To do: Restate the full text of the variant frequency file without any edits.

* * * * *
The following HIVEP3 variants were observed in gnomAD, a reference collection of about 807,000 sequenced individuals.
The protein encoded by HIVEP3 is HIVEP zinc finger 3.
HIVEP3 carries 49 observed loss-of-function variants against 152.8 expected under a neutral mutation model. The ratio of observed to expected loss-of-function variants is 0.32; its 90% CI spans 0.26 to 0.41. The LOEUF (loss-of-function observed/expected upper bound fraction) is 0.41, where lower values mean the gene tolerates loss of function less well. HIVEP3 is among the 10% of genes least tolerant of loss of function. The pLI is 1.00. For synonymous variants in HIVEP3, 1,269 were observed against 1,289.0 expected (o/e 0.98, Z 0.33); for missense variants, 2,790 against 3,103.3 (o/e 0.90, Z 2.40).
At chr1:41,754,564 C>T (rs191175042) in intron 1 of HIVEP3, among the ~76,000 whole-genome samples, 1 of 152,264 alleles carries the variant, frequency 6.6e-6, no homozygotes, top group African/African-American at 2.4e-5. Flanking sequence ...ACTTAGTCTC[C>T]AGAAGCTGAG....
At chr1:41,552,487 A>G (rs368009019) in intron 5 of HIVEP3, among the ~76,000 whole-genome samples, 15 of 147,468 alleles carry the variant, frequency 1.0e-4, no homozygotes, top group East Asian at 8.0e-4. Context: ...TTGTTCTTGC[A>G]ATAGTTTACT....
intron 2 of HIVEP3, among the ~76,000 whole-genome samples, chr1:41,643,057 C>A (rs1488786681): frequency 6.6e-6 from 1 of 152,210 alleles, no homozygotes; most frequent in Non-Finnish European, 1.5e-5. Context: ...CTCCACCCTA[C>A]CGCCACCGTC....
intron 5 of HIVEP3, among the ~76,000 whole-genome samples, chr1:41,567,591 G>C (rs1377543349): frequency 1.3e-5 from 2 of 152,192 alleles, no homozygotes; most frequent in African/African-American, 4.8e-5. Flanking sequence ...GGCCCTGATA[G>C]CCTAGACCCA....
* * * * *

The following HIVEP3 variants were observed in gnomAD, a reference collection of about 807,000 sequenced individuals.
The protein encoded by HIVEP3 is HIVEP zinc finger 3.
HIVEP3 carries 49 observed loss-of-function variants against 152.8 expected under a neutral mutation model. The ratio of observed to expected loss-of-function variants is 0.32; its 90% CI spans 0.26 to 0.41. The LOEUF (loss-of-function observed/expected upper bound fraction) is 0.41, where lower values mean the gene tolerates loss of function less well. HIVEP3 is among the 10% of genes least tolerant of loss of function. The pLI is 1.00. For synonymous variants in HIVEP3, 1,269 were observed against 1,289.0 expected (o/e 0.98, Z 0.33); for missense variants, 2,790 against 3,103.3 (o/e 0.90, Z 2.40).
At chr1:41,754,564 C>T (rs191175042) in intron 1 of HIVEP3, among the ~76,000 whole-genome samples, 1 of 152,264 alleles carries the variant, frequency 6.6e-6, no homozygotes, top group African/African-American at 2.4e-5. Flanking sequence ...ACTTAGTCTC[C>T]AGAAGCTGAG....
At chr1:41,552,487 A>G (rs368009019) in intron 5 of HIVEP3, among the ~76,000 whole-genome samples, 15 of 147,468 alleles carry the variant, frequency 1.0e-4, no homozygotes, top group East Asian at 8.0e-4. Context: ...TTGTTCTTGC[A>G]ATAGTTTACT....
intron 2 of HIVEP3, among the ~76,000 whole-genome samples, chr1:41,643,057 C>A (rs1488786681): frequency 6.6e-6 from 1 of 152,210 alleles, no homozygotes; most frequent in Non-Finnish European, 1.5e-5. Context: ...CTCCACCCTA[C>A]CGCCACCGTC....
intron 5 of HIVEP3, among the ~76,000 whole-genome samples, chr1:41,567,591 G>C (rs1377543349): frequency 1.3e-5 from 2 of 152,192 alleles, no homozygotes; most frequent in African/African-American, 4.8e-5. Flanking sequence ...GGCCCTGATA[G>C]CCTAGACCCA....